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Artist Emil White; Henry Miller's Friend

July 27, 1989|From Times Wire Services

BIG SUR — Emil White, artist and sidekick of author Henry Miller, died last week in his redwood cabin in Big Sur, friends said. He was 88.

White's cabin was full of mementos of his lengthy friendship with Miller, the "grandfather of the sexual revolution" who also died at the age of 88 in 1980.

White passed away in his sleep last Thursday after a long battle with Parkinson's disease.

Friends said White's health had been deteriorating for the last several months. Last April, dozens of friends flocked to his cabin, perched on a cliff overlooking the Pacific, to celebrate his birthday.

"People were streaming in, and women were hugging and kissing him and bringing him flowers and cakes," White's sister, Toni White of Chicago, recalled. "He was very fond of women and they were very fond of him."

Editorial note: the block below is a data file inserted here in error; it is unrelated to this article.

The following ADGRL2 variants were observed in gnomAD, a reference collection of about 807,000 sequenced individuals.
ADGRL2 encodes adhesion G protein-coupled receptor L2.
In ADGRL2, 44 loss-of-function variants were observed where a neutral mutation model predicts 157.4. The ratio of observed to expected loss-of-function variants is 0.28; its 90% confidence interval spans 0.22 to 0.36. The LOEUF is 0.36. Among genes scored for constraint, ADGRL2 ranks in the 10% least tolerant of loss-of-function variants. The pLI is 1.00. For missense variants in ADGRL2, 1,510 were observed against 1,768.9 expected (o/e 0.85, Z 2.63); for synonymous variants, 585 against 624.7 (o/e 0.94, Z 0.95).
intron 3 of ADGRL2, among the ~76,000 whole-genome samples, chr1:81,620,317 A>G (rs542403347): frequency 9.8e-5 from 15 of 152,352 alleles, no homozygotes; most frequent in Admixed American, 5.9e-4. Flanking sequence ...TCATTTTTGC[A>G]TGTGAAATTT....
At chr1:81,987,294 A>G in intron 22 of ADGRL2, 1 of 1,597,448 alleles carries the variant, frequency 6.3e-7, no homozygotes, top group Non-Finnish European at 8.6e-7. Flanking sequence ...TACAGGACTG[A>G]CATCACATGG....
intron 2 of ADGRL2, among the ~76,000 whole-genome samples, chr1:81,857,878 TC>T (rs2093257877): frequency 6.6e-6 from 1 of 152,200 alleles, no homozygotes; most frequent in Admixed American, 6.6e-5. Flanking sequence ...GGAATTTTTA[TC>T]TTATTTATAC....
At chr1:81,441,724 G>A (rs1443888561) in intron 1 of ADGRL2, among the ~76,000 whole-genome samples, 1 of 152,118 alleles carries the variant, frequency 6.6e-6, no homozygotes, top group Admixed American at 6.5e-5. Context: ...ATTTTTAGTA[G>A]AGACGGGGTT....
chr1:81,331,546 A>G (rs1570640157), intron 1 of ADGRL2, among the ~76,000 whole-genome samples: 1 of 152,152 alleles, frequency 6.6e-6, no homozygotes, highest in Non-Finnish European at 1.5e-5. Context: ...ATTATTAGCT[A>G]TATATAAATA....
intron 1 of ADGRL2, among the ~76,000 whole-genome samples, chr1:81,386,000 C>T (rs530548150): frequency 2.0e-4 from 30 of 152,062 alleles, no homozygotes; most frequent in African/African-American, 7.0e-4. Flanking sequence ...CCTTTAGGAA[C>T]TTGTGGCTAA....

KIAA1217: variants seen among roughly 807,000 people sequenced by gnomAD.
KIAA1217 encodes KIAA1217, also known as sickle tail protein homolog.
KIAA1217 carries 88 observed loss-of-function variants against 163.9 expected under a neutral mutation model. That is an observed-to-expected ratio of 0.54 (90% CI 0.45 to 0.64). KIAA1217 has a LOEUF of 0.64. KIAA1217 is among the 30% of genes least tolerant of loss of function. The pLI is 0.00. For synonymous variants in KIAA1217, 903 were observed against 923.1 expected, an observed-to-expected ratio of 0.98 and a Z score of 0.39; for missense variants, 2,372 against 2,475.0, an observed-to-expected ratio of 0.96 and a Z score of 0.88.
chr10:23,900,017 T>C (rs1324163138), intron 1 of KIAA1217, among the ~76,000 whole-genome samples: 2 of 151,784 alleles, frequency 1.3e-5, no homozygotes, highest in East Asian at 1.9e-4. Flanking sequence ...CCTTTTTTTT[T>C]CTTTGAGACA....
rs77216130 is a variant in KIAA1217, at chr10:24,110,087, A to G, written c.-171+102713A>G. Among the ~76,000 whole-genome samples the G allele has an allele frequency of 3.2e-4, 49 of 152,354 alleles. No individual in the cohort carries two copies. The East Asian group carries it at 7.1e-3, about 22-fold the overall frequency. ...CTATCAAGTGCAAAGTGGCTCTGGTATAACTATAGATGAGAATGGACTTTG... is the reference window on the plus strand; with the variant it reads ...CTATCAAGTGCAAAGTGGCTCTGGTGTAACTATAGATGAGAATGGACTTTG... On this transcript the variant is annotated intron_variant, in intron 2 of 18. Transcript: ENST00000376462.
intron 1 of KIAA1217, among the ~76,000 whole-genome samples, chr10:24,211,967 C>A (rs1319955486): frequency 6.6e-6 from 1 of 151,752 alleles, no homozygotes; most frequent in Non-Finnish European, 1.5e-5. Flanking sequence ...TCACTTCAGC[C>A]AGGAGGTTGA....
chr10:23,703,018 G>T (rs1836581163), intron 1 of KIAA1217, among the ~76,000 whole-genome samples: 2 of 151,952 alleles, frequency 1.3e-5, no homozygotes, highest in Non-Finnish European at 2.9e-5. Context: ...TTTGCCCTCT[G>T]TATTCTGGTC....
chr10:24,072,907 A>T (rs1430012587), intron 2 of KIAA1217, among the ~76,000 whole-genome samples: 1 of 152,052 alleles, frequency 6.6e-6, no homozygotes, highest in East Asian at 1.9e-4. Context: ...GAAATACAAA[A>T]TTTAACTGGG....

White, considered one of Big Sur's pioneers, painted canvasses noted for their primitive, minutely detailed style. They are shown in art galleries in the Monterey area, as well as San Francisco, Los Angeles, Chicago, New York, Minneapolis and throughout Europe.

White began his painting career around 1944, after being introduced to the beauty of the Central Coast by Miller, his idol and friend who lived in the area from the early 1940s to the early '60s.

By the late '40s, news clippings referred to White as "the mayor and president of the Chamber of Commerce of Big Sur."

White dedicated most of his adult life to Miller, first as his trusted companion and then as curator of the Henry Miller Memorial Library in Big Sur.

While Miller, some of whose novels were once banned in the United States, was considered the grandfather of the sexual revolution, White was its most avid practitioner, according to Ephraim Doner of Carmel Highlands, a longtime friend of White.

"He thought of himself as one of the great lovers of women," Doner said. "I think Emil was the essence of Henry's ideas. Henry was just amusing and entertaining. He threw things into the air. Emil lived them."

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